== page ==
Luanda, Angola - The most expensive city to live in

Luanda, Angola - The most expensive city to live in

Another African factor this week was the recent expatriate report by Mercer that my fellow Notre Dame alumnus, Michael Barrett, brought to my attention.  This firm routinely does an analysis of all the cities in the world and calculates the cost of living from an expat perspective.  Then rates them from the most expensive to the cheapest.  The big buzz this year is that several African cities are at the top of the list!  For you economists out there, this news is big because it is showing the changes in currency and who has the purchasing power.  So many things are fluctuating right now at a global scale.  It is exciting and unsuring at the same time.  So where is Nice in the report?  Nowhere in the press highlights which is a good thing – I believe.  My friends of stronger economic background can correct me but I believe you don’t want to be at either end of the list.  You don’t want to be living in the cities at the top of the list because you will spend all your salary on basic necessities.  Then you won’t have much left in your wallet.  So you will be living in this exciting foreign city but not able to do anything; envision the concept of being house poor.  You may be attracted to the other end of the list because those cities are all dirt-cheap.  True, but don’t forget your salary will be in that currency too so you still won’t have much purchasing power particularly if you want to travel to the surrounding regions.  I believe the best places to live are the one that fall in the middle of the list and do not attract attention of the press.  Those are the places where the currency is solid and you do not have to use all your money on just surviving.  Paris is only coming in at #17 and I know Nice is cheaper than Paris.  Interesting that cities like Milan, Italy and Oslo, Norway are more expensive than France.  Even more interesting is that there are not any American cities at the top end of the list, including New York City (#27) .  A clear sign of the weaken dollar.

So what is next?  France’s turn at patriotism as Wednesday is a national holiday equivalent to the State’s 4th of July celebration.  Can’t wait to see the fireworks from my terrace!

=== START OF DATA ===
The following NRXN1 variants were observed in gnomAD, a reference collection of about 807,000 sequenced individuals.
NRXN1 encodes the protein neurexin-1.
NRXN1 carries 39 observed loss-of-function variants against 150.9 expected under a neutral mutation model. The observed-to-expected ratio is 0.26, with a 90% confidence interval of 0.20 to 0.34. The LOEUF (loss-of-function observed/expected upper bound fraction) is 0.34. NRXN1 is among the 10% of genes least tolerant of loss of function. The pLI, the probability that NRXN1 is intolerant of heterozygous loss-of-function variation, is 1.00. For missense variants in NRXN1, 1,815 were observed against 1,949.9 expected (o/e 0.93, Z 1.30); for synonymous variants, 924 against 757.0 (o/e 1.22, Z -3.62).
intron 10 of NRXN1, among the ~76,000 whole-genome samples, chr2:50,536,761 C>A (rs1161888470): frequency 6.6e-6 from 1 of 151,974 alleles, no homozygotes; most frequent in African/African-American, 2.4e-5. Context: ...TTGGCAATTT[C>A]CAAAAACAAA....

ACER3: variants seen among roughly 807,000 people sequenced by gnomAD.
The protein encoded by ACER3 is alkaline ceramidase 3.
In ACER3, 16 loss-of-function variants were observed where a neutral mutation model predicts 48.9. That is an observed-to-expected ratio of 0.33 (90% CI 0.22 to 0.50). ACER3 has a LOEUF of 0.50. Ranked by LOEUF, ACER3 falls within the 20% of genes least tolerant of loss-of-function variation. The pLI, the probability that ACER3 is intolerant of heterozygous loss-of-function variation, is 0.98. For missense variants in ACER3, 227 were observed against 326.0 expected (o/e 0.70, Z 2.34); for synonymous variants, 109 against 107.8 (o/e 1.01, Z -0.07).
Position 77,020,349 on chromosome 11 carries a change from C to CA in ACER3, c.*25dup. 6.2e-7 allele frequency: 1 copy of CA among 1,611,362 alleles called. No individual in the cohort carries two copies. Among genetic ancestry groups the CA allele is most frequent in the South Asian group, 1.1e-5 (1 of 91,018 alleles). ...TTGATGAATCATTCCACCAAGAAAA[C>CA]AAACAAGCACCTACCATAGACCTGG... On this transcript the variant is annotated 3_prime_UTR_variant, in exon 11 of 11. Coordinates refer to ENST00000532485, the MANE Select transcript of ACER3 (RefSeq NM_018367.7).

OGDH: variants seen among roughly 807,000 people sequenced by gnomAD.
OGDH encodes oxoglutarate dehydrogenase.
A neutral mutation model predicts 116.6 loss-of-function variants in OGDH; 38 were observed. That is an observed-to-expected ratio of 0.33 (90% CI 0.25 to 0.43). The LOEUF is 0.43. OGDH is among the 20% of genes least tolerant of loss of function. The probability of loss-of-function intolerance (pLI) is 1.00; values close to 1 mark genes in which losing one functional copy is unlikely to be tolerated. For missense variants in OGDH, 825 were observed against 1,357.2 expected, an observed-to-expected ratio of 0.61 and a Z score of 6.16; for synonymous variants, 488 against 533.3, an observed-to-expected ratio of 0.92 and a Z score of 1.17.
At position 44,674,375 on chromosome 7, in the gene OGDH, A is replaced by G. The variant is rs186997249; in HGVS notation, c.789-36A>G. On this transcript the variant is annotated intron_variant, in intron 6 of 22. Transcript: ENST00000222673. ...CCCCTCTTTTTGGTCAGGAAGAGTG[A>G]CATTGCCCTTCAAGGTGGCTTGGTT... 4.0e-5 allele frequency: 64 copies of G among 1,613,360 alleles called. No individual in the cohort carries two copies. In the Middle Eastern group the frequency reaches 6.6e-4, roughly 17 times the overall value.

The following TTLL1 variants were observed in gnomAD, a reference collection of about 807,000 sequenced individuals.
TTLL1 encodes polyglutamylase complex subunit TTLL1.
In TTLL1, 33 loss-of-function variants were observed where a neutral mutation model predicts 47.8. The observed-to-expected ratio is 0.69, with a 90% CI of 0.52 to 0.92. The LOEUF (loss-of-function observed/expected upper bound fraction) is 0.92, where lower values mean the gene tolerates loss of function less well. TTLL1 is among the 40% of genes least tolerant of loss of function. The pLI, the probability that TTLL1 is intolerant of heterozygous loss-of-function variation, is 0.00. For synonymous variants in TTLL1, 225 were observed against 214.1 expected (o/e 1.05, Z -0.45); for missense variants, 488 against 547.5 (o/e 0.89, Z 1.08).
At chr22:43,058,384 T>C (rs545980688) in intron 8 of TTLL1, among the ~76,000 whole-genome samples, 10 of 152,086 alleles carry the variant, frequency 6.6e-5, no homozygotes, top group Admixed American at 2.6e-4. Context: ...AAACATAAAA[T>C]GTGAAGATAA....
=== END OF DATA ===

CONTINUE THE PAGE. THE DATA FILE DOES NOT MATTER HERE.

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Categories: Everyday Life
  1. Scott in Philly
    13 July 2010 at 1:09 pm

    Interesting read again Scott… I read about those cities in Huffpost… I hope the fireworks are beautiful!

  2. monda
    13 July 2010 at 1:24 pm

    i saw the place in a movie called dirty rotten scoundles the sea your talking about

  3. London
    13 July 2010 at 1:41 pm

    Really? I need to rent that movie again. I missed that.

  4. Bev
    13 July 2010 at 4:11 pm

    Vive le France!!

  5. Andrew Keenan
    23 July 2010 at 7:42 pm

    Missing you and hope to hear form you soon. How was your tip home?

  6. Alexis T
    3 August 2010 at 4:14 pm

    Have you received the confirmation that DSL is now active on your phone line? I don’t remember the exact process (especially with Orange), but I believe you get the access code with the mail that confirms the activation of the broadband service. If you have a customer number with Orange, you should either check at the local Orange store (or call their customer service) and they should be able to tell you the status of your line.
    I agree that sometimes, you should disrupt the process, but there are ways to speed it up. Make your voice heard as a customer. You are probably paying for a service that you can’t use yet – I’ve read about such experience with ISPs.

  7. London
    3 August 2010 at 4:19 pm

    Exactly, I am waiting oh so patiently for that Access Code . . . . STILL! I have called Orange and they understood my request to send it “again”. I have stopped by the boutique weeks later and witnessed the guy write on my account to send the code “again”. Still nothing. At the end of the week I may have to ask a French colleague to call for me in order to ask the “right question” which is so important in this beautiful country. 😉